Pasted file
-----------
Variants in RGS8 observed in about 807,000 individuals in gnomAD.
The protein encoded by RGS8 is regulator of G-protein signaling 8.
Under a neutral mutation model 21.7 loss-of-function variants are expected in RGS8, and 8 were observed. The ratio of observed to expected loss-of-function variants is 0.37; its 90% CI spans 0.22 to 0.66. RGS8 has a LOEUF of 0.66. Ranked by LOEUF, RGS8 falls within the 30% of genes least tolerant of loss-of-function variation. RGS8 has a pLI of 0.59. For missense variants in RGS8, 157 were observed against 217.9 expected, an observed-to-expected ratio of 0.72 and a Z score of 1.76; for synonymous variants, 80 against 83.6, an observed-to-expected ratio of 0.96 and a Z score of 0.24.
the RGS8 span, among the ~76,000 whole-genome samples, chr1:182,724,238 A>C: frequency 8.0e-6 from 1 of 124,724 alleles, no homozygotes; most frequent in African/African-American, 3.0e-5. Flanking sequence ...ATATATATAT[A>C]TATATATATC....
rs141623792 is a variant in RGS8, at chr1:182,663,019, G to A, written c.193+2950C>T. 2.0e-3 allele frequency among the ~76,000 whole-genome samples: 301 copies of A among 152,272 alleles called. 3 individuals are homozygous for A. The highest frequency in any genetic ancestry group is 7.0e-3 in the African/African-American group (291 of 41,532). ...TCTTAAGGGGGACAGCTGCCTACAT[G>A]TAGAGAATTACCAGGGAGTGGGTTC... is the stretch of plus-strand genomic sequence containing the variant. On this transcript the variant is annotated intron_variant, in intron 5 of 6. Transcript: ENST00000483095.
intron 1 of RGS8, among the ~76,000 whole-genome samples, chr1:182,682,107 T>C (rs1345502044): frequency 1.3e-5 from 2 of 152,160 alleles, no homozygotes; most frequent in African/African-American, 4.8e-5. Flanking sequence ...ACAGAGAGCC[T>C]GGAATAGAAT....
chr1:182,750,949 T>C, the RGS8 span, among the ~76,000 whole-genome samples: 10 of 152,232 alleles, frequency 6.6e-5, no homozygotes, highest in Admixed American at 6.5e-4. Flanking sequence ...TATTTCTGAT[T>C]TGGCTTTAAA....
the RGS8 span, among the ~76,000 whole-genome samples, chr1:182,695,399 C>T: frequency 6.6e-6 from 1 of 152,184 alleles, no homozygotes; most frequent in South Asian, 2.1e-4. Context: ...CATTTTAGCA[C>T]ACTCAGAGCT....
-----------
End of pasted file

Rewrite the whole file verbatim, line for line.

Variants in RGS8 observed in about 807,000 individuals in gnomAD.
The protein encoded by RGS8 is regulator of G-protein signaling 8.
Under a neutral mutation model 21.7 loss-of-function variants are expected in RGS8, and 8 were observed. The ratio of observed to expected loss-of-function variants is 0.37; its 90% CI spans 0.22 to 0.66. RGS8 has a LOEUF of 0.66. Ranked by LOEUF, RGS8 falls within the 30% of genes least tolerant of loss-of-function variation. RGS8 has a pLI of 0.59. For missense variants in RGS8, 157 were observed against 217.9 expected, an observed-to-expected ratio of 0.72 and a Z score of 1.76; for synonymous variants, 80 against 83.6, an observed-to-expected ratio of 0.96 and a Z score of 0.24.
the RGS8 span, among the ~76,000 whole-genome samples, chr1:182,724,238 A>C: frequency 8.0e-6 from 1 of 124,724 alleles, no homozygotes; most frequent in African/African-American, 3.0e-5. Flanking sequence ...ATATATATAT[A>C]TATATATATC....
rs141623792 is a variant in RGS8, at chr1:182,663,019, G to A, written c.193+2950C>T. 2.0e-3 allele frequency among the ~76,000 whole-genome samples: 301 copies of A among 152,272 alleles called. 3 individuals are homozygous for A. The highest frequency in any genetic ancestry group is 7.0e-3 in the African/African-American group (291 of 41,532). ...TCTTAAGGGGGACAGCTGCCTACAT[G>A]TAGAGAATTACCAGGGAGTGGGTTC... is the stretch of plus-strand genomic sequence containing the variant. On this transcript the variant is annotated intron_variant, in intron 5 of 6. Transcript: ENST00000483095.
intron 1 of RGS8, among the ~76,000 whole-genome samples, chr1:182,682,107 T>C (rs1345502044): frequency 1.3e-5 from 2 of 152,160 alleles, no homozygotes; most frequent in African/African-American, 4.8e-5. Flanking sequence ...ACAGAGAGCC[T>C]GGAATAGAAT....
chr1:182,750,949 T>C, the RGS8 span, among the ~76,000 whole-genome samples: 10 of 152,232 alleles, frequency 6.6e-5, no homozygotes, highest in Admixed American at 6.5e-4. Flanking sequence ...TATTTCTGAT[T>C]TGGCTTTAAA....
the RGS8 span, among the ~76,000 whole-genome samples, chr1:182,695,399 C>T: frequency 6.6e-6 from 1 of 152,184 alleles, no homozygotes; most frequent in South Asian, 2.1e-4. Context: ...CATTTTAGCA[C>T]ACTCAGAGCT....